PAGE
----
Asner guest-starred as Guy Redmayne, a homophobic billionaire who supports Alicia Florrick's campaign, in the sixth season of The Good Wife. Asner was born on November 1929, in Kansas City, Missouri, his Jewish Russian-born parents, Lizzie, a housewife, Morris David Asner, ran a second-hand shop. He was raised in an Orthodox Jewish family. Asner attended Wyandotte High School in Kansas City and the University of Chicago, he worked on the assembly line for General Motors. Asner served with the U. S. Army Signal appeared in plays that toured Army camps in Europe. Following his military service, Asner joined the Playwrights Theatre Company in Chicago, but left for New York City before members of that company regrouped as the Compass Players in the mid-1950s, he made guest appearances with the successor to Compass, The Second City, is considered part of The Second City extended family. In New York City, Asner played Jonathan Jeremiah Peachum in the Off-Broadway revival of Threepenny Opera, scored his first Broadway role in Face of a Hero alongside Jack Lemmon in 1960, began to make inroads as a television actor, having made his TV debut in 1957 on Studio One.
In two notable performances on television, Asner played Detective Sgt. Thomas Siroleo in the 1963 episode of The Outer Limits titled "It Crawled Out of the Woodwork" and the reprehensible ex-premier Brynov in the 1965 Voyage to the Bottom of the Sea episode "The Exile." He made his film debut in 1962, in the Elvis Presley vehicle Kid Galahad. Before he landed his role with Mary Tyler Moore, Asner guest-starred in television series including the syndicated crime drama Decoy, starring Beverly Garland, the NBC western series The Outlaws and Route 66 in 1962 as Custody Officer Lincoln Peers, he was cast on Jack Lord's ABC drama series Stoney Burke and in the series finale of CBS's The Reporter, starring Harry Guardino. He appeared on Mr. Novak, Mission: Impossible, The Outer Limits and The Invaders. Asner played a minor character in children's television show W. I. T. C. H.. Asner is best known for his character Lou Grant, first introduced on The Mary Tyler Moore Show in 1970. In 1977, after the series, Asner's character was given Lou Grant.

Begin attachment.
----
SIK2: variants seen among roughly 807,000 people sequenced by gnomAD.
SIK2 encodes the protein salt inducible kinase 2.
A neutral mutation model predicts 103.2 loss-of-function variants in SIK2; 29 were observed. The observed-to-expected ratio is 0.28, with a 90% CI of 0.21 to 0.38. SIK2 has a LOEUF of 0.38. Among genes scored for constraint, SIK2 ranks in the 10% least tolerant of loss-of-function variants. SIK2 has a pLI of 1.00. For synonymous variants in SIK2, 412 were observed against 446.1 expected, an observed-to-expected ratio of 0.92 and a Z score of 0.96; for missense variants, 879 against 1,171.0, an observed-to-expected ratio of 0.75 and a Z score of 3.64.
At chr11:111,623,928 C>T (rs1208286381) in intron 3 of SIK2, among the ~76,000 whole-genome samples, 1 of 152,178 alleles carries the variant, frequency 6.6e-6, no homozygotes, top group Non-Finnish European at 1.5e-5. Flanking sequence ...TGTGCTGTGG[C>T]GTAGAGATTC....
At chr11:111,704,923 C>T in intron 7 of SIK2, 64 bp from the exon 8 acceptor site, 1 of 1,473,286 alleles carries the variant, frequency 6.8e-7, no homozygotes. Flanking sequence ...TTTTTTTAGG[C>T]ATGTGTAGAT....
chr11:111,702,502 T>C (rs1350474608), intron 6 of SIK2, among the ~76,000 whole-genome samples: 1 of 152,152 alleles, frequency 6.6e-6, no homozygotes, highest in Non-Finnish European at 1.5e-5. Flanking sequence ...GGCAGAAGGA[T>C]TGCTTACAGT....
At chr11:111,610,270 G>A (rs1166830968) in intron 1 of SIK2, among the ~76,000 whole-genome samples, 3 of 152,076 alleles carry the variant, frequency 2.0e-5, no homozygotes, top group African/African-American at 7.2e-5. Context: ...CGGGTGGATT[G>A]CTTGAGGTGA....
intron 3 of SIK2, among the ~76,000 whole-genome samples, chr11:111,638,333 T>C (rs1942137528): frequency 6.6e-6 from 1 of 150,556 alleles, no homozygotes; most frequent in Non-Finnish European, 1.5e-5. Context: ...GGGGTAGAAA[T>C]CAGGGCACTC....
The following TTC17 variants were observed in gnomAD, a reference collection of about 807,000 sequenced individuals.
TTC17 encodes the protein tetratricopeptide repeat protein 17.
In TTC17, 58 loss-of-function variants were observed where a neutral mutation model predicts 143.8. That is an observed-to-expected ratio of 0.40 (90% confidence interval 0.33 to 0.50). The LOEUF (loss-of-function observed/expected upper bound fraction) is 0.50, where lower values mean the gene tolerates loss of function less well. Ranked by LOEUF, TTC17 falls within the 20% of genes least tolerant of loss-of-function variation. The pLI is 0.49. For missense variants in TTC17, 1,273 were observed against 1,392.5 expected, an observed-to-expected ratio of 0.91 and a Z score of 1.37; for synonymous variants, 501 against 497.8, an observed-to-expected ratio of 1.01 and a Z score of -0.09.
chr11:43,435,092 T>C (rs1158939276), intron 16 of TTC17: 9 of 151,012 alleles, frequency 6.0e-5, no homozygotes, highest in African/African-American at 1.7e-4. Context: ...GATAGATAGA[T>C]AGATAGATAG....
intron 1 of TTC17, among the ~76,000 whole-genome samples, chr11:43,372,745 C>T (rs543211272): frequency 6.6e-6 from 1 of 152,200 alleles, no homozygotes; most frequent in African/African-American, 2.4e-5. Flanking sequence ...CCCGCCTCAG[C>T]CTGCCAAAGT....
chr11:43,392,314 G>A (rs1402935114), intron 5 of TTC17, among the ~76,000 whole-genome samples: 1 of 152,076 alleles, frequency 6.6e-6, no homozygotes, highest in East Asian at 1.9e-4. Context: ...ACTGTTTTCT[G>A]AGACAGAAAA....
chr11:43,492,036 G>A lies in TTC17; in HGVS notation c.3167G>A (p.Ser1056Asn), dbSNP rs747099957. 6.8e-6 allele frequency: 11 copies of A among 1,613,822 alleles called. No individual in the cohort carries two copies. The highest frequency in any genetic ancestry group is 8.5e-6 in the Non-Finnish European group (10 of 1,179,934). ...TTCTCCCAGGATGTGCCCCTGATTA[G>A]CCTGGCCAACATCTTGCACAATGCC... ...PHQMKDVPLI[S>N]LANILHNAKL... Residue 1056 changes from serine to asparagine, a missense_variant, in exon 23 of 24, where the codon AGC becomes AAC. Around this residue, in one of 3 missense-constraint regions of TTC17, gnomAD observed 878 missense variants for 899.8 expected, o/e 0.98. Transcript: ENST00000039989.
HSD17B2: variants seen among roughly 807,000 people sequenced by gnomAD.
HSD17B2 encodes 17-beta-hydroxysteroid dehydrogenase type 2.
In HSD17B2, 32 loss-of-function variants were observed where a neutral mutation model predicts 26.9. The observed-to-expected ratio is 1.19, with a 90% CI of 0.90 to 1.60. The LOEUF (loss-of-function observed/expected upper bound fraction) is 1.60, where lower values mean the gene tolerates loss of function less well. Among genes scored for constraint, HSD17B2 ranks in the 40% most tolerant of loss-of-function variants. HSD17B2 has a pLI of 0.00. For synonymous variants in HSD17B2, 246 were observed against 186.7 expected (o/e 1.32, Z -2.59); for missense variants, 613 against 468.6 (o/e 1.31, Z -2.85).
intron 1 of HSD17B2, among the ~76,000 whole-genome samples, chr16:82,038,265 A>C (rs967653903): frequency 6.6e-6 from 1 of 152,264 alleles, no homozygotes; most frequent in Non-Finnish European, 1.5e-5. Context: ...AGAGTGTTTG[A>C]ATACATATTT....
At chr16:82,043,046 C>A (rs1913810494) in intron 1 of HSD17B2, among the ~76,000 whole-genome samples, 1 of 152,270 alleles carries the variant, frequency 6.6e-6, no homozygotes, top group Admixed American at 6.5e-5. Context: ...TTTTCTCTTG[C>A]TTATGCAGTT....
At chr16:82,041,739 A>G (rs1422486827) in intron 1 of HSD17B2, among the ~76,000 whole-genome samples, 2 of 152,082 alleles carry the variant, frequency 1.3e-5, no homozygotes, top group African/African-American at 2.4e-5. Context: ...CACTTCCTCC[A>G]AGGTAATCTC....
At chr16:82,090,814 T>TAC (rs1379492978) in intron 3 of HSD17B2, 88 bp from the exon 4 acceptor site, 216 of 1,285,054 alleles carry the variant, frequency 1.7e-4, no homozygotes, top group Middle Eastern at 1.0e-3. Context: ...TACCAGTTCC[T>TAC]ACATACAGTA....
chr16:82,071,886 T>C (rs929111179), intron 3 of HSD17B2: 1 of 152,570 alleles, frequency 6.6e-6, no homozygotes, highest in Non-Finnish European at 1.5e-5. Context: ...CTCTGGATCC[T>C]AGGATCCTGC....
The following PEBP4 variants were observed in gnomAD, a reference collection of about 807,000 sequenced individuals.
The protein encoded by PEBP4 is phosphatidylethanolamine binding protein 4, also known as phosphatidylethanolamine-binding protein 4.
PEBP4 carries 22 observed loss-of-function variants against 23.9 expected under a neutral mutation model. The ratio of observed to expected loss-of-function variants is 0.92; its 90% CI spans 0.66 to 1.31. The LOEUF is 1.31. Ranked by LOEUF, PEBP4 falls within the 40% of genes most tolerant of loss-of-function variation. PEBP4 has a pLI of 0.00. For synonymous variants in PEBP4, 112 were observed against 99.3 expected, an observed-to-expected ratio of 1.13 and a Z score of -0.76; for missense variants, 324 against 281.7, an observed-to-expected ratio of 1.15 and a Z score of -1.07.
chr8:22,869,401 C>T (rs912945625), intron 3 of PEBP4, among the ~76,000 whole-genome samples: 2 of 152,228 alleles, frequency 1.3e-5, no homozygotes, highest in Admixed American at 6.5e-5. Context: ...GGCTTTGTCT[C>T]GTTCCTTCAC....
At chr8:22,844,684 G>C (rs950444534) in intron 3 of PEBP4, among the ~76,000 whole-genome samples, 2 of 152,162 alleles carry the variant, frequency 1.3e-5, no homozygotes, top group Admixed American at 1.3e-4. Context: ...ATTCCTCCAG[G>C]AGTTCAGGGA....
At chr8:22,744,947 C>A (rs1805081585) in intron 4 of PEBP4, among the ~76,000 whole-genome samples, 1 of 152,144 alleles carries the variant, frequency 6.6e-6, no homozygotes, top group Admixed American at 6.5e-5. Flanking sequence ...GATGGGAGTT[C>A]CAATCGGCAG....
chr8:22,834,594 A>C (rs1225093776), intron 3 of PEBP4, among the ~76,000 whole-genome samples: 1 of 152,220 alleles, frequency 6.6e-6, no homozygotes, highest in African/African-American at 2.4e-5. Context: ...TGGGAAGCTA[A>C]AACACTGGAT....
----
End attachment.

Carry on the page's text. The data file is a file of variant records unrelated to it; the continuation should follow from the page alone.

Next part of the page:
In contrast to the Mary Tyler Moore series, a thirty-minute award-winning comedy about television journalism, the Lou Grant series was an hour-long award-winning drama about newspaper journalism. In addition he made appearances as Lou Grant on two other shows: Roseanne. Other television series starring Asner in regular roles include Thunder Alley, The Bronx Zoo and Studio 60 on the Sunset Strip, he starred in one episode of the western series Dead Man's Gun, as well as portraying art smuggler August March in an episode of the original Hawaii Five-O and reprised the role in the Hawaii Five-0 remake. He appeared as a veteran streetwise officer in an episode of the 1973 version of Police Story. Asner was acclaimed for his role in the ABC miniseries Roots, as Captain Davies, the morally conflicted captain of the Lord Ligonier, the slave ship that brought Kunta Kinte to America; the role earned Asner an Emmy Award, as did the dark role of Axel Jordache in the miniseries Rich Man, Poor Man. In contrast, he played a former pontiff in the lead role of Papa Giovanni: Ioannes XXIII, an Italian television film for RAI.
Asner has had an extensive voice acting career. In 1987, he played the eponymous character, George F. Babbitt, in the L. A. Classic Theatre Works' radio theatre production of Sinclair Lewis's novel, Babbitt, he provided the voices for Joshua on Joshua and the Battle of Jericho for Hanna-Barbera, J. Jonah Jameson on the 1990s animated television series Spider-Man. Asner provided the voice of famed American orator Edward Everett in the 2017 documentary film The Gettysburg Address. Asner provided the voice of Carl Fredricksen in the Academy Award-winning Pixar film Up, he received great critical praise for the role, with one critic going so far